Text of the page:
Bees are fascinating creatures, but thanks to their stinger many people fear them instead of appreciating them. Bees are a necessary component to every day life, responsible for pollinating 1/3 of the world’s food crop. Without bees life as we know it would cease to exist. We have all heard that bees are disappearing, but why?
Unfortunately, bees are dying out in vast numbers due to habitat loss, disease and a number of other issues. One of the largest contributors to the declining bee population is the destructor mite known as the Varroa. This pin-sized mite attacks bees and sucks their blood, weakening their immune system and making them more vulnerable to disease and stress. Infant bees are the most susceptible to these attacks, although eventually the mites are able to weaken an entire colony of bees.
Talented photographer Anand Varma has teamed up with UC Davis to create a video highlighting the first 21 days of a bee’s life. He was hired to document the delicate process in order to help scientists find a better way to preserve the bee population and uncover what is really going on when the mites attack.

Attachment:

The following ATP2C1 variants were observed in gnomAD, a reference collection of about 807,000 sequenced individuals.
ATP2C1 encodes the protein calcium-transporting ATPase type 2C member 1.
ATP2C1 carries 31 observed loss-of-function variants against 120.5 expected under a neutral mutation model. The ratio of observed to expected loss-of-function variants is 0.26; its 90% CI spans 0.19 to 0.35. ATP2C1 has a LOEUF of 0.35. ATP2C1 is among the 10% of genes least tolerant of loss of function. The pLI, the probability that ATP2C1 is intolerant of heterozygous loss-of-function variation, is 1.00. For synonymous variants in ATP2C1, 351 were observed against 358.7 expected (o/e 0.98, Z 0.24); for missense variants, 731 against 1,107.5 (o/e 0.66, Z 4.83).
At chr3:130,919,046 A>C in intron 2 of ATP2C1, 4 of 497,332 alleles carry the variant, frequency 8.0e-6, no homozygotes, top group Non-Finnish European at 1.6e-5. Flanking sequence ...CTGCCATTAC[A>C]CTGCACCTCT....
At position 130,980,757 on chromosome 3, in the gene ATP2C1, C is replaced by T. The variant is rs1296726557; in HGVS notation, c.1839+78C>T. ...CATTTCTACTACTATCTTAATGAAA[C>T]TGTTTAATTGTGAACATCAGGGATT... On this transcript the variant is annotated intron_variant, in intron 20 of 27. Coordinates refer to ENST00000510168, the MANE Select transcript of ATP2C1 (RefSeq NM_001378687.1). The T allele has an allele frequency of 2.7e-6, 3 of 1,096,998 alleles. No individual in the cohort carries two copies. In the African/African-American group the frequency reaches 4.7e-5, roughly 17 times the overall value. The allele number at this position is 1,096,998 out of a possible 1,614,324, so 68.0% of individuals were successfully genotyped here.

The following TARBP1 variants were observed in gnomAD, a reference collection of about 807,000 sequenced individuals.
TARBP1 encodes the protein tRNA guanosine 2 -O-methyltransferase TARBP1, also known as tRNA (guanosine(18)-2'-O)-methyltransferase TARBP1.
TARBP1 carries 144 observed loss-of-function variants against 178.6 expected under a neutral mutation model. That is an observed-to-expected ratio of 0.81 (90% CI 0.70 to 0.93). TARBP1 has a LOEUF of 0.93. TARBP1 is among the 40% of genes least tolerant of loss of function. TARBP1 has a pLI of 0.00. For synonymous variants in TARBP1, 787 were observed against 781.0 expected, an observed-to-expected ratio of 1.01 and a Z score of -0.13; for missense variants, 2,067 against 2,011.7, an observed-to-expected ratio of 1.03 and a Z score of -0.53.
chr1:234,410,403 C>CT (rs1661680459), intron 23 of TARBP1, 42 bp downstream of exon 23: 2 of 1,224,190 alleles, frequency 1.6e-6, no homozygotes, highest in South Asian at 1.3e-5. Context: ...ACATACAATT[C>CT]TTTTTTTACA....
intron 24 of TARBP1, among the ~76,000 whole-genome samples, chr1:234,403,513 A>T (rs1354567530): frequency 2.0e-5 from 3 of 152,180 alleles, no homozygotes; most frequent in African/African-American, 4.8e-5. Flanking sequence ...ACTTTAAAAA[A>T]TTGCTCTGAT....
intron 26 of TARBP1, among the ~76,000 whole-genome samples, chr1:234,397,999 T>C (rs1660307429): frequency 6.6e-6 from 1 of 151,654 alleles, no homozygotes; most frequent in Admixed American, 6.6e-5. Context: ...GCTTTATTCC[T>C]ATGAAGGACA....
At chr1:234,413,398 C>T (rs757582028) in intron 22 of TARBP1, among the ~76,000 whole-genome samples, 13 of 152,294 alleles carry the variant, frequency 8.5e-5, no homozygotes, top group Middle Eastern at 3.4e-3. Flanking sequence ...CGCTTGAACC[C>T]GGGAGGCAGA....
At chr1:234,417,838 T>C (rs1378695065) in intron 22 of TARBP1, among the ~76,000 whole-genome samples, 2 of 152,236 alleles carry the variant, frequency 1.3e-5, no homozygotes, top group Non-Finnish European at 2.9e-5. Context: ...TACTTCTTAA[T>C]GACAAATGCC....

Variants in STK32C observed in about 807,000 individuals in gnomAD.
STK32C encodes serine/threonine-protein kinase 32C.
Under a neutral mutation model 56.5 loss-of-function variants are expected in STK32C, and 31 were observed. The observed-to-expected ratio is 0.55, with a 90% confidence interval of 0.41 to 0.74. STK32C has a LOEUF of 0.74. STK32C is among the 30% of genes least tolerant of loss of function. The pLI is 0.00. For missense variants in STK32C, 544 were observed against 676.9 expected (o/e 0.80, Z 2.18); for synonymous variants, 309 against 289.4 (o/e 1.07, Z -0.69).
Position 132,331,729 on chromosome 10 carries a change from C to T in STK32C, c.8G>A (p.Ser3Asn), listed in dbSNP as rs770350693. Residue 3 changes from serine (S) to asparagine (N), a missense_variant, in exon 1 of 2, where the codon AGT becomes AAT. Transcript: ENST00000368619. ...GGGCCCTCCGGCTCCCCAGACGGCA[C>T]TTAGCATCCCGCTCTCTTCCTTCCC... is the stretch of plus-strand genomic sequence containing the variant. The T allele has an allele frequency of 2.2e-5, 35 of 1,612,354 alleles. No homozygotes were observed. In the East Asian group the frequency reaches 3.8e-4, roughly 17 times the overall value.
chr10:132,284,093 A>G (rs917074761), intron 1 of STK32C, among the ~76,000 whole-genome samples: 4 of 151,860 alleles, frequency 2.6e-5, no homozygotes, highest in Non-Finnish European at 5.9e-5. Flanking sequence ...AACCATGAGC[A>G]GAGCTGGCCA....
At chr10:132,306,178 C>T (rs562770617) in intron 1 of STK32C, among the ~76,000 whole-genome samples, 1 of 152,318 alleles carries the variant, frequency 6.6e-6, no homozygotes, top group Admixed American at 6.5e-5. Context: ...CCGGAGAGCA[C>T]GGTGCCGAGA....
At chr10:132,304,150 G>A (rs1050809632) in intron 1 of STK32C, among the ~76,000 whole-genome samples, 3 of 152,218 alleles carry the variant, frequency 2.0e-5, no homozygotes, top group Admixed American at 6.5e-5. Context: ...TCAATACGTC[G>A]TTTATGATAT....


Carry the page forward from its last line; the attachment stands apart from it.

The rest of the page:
Varma raised bees in his own backyard in order to get an up close and personal look like never before. The stunning timelapse video lasts 60-seconds and was filmed over the first 21 days, or 3 weeks, of a bee’s life.
The main goal of the video was to uncover how bees react to parasitic mites since they are now the greatest known threat to bee colonies. Thus far scientists have successfully breed a mite resistant bee but it lacks some of the key traits of natural bees, such as their gentle nature and ability to store honey.
The video above presented by National Geographic is without commentary but Varma discussed the project in great detail during a TED talk included below.
Photo Credits: Anand Varma